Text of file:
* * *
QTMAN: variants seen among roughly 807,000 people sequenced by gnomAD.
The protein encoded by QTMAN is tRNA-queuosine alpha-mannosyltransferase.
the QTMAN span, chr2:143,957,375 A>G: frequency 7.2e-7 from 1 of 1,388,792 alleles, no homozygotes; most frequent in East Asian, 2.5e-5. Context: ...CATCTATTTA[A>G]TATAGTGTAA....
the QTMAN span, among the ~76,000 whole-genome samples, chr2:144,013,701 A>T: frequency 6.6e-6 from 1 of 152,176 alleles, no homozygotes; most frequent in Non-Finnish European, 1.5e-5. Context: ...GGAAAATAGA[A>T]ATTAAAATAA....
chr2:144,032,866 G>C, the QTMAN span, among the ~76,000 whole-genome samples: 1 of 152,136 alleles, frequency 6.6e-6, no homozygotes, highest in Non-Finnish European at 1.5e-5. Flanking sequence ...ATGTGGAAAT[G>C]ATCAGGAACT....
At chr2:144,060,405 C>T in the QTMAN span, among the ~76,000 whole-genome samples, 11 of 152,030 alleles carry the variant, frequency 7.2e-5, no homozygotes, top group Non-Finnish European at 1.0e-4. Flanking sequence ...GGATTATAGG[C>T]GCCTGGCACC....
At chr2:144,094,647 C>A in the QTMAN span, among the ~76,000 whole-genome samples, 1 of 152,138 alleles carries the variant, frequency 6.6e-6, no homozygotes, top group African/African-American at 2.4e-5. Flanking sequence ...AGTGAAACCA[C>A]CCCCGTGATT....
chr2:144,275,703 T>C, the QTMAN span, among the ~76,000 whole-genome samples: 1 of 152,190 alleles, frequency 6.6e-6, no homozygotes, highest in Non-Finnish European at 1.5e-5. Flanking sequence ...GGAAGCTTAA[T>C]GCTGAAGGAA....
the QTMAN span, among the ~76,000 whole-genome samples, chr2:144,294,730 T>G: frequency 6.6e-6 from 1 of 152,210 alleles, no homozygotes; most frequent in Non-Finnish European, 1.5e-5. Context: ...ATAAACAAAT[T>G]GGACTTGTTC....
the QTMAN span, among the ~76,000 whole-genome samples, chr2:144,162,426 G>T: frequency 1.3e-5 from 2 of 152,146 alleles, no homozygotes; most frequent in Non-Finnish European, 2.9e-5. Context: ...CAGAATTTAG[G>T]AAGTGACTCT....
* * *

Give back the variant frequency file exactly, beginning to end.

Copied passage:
QTMAN: variants seen among roughly 807,000 people sequenced by gnomAD.
The protein encoded by QTMAN is tRNA-queuosine alpha-mannosyltransferase.
the QTMAN span, chr2:143,957,375 A>G: frequency 7.2e-7 from 1 of 1,388,792 alleles, no homozygotes; most frequent in East Asian, 2.5e-5. Context: ...CATCTATTTA[A>G]TATAGTGTAA....
the QTMAN span, among the ~76,000 whole-genome samples, chr2:144,013,701 A>T: frequency 6.6e-6 from 1 of 152,176 alleles, no homozygotes; most frequent in Non-Finnish European, 1.5e-5. Context: ...GGAAAATAGA[A>T]ATTAAAATAA....
chr2:144,032,866 G>C, the QTMAN span, among the ~76,000 whole-genome samples: 1 of 152,136 alleles, frequency 6.6e-6, no homozygotes, highest in Non-Finnish European at 1.5e-5. Flanking sequence ...ATGTGGAAAT[G>C]ATCAGGAACT....
At chr2:144,060,405 C>T in the QTMAN span, among the ~76,000 whole-genome samples, 11 of 152,030 alleles carry the variant, frequency 7.2e-5, no homozygotes, top group Non-Finnish European at 1.0e-4. Flanking sequence ...GGATTATAGG[C>T]GCCTGGCACC....
At chr2:144,094,647 C>A in the QTMAN span, among the ~76,000 whole-genome samples, 1 of 152,138 alleles carries the variant, frequency 6.6e-6, no homozygotes, top group African/African-American at 2.4e-5. Flanking sequence ...AGTGAAACCA[C>A]CCCCGTGATT....
chr2:144,275,703 T>C, the QTMAN span, among the ~76,000 whole-genome samples: 1 of 152,190 alleles, frequency 6.6e-6, no homozygotes, highest in Non-Finnish European at 1.5e-5. Flanking sequence ...GGAAGCTTAA[T>C]GCTGAAGGAA....
the QTMAN span, among the ~76,000 whole-genome samples, chr2:144,294,730 T>G: frequency 6.6e-6 from 1 of 152,210 alleles, no homozygotes; most frequent in Non-Finnish European, 1.5e-5. Context: ...ATAAACAAAT[T>G]GGACTTGTTC....
the QTMAN span, among the ~76,000 whole-genome samples, chr2:144,162,426 G>T: frequency 1.3e-5 from 2 of 152,146 alleles, no homozygotes; most frequent in Non-Finnish European, 2.9e-5. Context: ...CAGAATTTAG[G>T]AAGTGACTCT....